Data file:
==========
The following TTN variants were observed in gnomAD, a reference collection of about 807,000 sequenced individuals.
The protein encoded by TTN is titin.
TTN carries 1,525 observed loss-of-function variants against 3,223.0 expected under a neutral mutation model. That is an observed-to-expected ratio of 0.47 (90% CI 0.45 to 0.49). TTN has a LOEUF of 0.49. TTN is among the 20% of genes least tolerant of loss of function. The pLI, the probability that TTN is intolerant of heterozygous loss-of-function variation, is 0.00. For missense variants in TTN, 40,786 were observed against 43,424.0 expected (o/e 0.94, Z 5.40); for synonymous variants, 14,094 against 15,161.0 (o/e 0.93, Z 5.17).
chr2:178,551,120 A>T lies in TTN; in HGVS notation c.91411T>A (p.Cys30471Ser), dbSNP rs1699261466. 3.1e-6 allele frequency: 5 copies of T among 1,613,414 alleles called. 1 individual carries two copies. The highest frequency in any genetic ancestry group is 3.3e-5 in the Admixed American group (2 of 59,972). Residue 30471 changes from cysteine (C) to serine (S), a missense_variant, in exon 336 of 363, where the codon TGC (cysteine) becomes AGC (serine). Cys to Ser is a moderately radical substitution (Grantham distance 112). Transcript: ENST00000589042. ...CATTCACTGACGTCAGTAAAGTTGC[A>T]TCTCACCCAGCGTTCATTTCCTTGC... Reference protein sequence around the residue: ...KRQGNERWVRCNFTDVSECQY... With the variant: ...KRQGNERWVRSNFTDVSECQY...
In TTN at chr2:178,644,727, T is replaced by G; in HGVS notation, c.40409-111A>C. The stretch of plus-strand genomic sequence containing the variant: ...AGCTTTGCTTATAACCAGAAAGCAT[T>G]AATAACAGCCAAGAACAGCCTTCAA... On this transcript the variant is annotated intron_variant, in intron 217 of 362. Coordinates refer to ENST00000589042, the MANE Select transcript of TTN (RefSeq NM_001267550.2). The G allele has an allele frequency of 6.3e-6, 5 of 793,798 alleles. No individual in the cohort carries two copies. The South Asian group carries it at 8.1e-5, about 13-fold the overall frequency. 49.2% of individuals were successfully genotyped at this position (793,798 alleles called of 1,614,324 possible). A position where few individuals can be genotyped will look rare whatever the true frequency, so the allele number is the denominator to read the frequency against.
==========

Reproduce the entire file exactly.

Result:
The following TTN variants were observed in gnomAD, a reference collection of about 807,000 sequenced individuals.
The protein encoded by TTN is titin.
TTN carries 1,525 observed loss-of-function variants against 3,223.0 expected under a neutral mutation model. That is an observed-to-expected ratio of 0.47 (90% CI 0.45 to 0.49). TTN has a LOEUF of 0.49. TTN is among the 20% of genes least tolerant of loss of function. The pLI, the probability that TTN is intolerant of heterozygous loss-of-function variation, is 0.00. For missense variants in TTN, 40,786 were observed against 43,424.0 expected (o/e 0.94, Z 5.40); for synonymous variants, 14,094 against 15,161.0 (o/e 0.93, Z 5.17).
chr2:178,551,120 A>T lies in TTN; in HGVS notation c.91411T>A (p.Cys30471Ser), dbSNP rs1699261466. 3.1e-6 allele frequency: 5 copies of T among 1,613,414 alleles called. 1 individual carries two copies. The highest frequency in any genetic ancestry group is 3.3e-5 in the Admixed American group (2 of 59,972). Residue 30471 changes from cysteine (C) to serine (S), a missense_variant, in exon 336 of 363, where the codon TGC (cysteine) becomes AGC (serine). Cys to Ser is a moderately radical substitution (Grantham distance 112). Transcript: ENST00000589042. ...CATTCACTGACGTCAGTAAAGTTGC[A>T]TCTCACCCAGCGTTCATTTCCTTGC... Reference protein sequence around the residue: ...KRQGNERWVRCNFTDVSECQY... With the variant: ...KRQGNERWVRSNFTDVSECQY...
In TTN at chr2:178,644,727, T is replaced by G; in HGVS notation, c.40409-111A>C. The stretch of plus-strand genomic sequence containing the variant: ...AGCTTTGCTTATAACCAGAAAGCAT[T>G]AATAACAGCCAAGAACAGCCTTCAA... On this transcript the variant is annotated intron_variant, in intron 217 of 362. Coordinates refer to ENST00000589042, the MANE Select transcript of TTN (RefSeq NM_001267550.2). The G allele has an allele frequency of 6.3e-6, 5 of 793,798 alleles. No individual in the cohort carries two copies. The South Asian group carries it at 8.1e-5, about 13-fold the overall frequency. 49.2% of individuals were successfully genotyped at this position (793,798 alleles called of 1,614,324 possible). A position where few individuals can be genotyped will look rare whatever the true frequency, so the allele number is the denominator to read the frequency against.